Dinosaurs are a source of enormous fascination and ever-growing popularity with people of every age.
Why are they so fascinating? Probably because they seem so amazingly different from the animals we know - bus-sized plant-eaters, hunters with 20 centimetre long serrated teeth, strange creatures with outlandish names. Yet if we only think of dinosaurs as monsters we will never get past the "Did you know" level knowledge about them. The really compelling fascination of dinosaurs is not how different but how similar they are to the animals we know.
Despite their monstrous reputation many dinosaurs were, in fact, no longer than animals that can be found living today. All of them had to meet the same basic challenges of survival. In their search for food and space, their methods of moving and eating and their social organization, dinosaurs show striking similarities to modern groups, particularly birds and mammals. Over the last fifteen years spectacular new discoveries made in the field and laboratory have demonstrated even more clearly how much dinosaurs and todays' animals have in common.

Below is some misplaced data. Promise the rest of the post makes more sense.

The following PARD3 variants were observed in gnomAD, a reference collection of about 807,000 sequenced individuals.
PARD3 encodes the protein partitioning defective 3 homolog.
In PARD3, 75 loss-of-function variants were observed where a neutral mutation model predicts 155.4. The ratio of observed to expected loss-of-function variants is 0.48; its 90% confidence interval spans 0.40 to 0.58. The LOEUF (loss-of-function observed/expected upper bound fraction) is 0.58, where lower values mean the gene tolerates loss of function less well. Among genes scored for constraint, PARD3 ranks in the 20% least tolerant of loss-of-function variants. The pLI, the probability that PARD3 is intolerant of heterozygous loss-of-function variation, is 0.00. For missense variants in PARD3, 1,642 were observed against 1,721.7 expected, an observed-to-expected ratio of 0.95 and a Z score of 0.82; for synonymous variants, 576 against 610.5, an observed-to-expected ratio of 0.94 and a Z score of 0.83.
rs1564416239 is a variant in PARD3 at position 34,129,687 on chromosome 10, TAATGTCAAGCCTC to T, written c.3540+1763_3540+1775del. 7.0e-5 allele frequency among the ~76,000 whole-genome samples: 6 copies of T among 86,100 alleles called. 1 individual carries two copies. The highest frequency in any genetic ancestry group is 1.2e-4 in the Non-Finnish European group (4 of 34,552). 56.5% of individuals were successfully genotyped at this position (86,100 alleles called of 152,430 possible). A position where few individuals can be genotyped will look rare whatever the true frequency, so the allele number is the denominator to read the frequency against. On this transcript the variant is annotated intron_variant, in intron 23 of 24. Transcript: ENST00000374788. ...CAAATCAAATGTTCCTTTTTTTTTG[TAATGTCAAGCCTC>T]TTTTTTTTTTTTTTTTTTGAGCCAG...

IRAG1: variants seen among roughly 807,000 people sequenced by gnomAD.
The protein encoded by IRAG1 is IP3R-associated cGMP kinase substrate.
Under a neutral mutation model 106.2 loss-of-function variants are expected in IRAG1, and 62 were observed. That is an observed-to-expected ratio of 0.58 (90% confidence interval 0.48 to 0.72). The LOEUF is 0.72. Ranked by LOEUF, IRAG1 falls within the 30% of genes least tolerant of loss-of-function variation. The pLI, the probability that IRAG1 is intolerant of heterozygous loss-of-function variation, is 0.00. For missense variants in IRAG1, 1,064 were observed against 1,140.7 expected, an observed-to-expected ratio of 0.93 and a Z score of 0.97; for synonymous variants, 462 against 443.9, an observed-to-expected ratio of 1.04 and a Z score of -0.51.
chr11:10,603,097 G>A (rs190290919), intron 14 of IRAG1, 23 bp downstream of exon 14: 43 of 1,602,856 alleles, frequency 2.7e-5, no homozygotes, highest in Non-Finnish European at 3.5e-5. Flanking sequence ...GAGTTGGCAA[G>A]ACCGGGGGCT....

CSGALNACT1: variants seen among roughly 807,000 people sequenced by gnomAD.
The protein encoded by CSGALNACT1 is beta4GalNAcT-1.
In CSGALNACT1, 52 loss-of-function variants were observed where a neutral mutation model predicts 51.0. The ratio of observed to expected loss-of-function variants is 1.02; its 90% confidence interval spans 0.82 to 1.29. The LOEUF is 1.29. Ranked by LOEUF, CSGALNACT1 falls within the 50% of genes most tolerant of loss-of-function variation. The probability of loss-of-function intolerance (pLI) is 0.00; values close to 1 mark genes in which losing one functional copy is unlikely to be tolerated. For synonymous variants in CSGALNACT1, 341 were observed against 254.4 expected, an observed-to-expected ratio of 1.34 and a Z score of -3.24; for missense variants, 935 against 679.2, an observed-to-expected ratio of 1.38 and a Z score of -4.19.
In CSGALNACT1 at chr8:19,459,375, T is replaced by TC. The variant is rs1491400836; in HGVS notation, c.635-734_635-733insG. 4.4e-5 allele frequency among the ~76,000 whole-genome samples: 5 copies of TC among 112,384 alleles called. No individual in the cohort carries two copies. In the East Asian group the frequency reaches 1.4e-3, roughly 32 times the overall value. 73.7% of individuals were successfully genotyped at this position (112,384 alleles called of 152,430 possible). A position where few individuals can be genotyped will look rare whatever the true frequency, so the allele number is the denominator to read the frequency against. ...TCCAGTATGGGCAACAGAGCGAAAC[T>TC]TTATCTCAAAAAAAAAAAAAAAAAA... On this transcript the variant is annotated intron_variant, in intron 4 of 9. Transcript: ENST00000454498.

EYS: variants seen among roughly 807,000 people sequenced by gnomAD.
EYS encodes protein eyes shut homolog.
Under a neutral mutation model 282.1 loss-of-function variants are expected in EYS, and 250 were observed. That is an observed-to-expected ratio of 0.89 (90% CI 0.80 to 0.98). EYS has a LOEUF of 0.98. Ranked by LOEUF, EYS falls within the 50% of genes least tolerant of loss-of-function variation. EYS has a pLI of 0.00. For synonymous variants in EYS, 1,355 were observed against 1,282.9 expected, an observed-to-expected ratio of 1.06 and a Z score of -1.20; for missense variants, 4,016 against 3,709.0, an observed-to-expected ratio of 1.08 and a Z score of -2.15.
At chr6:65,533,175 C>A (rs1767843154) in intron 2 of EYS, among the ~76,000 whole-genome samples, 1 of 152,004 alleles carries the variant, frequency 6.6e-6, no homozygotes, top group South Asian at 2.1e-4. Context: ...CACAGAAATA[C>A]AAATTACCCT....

A great deal of research into dinosaurs is currently going on - far too much to allow more than an outline to be given here at this World Wide Web Site. So on drawing on evidence from around the world, the dinosaurs are shown to be a varied, balanced, dymanic community and one of the most spectacular success stories in the history of life on Earth.
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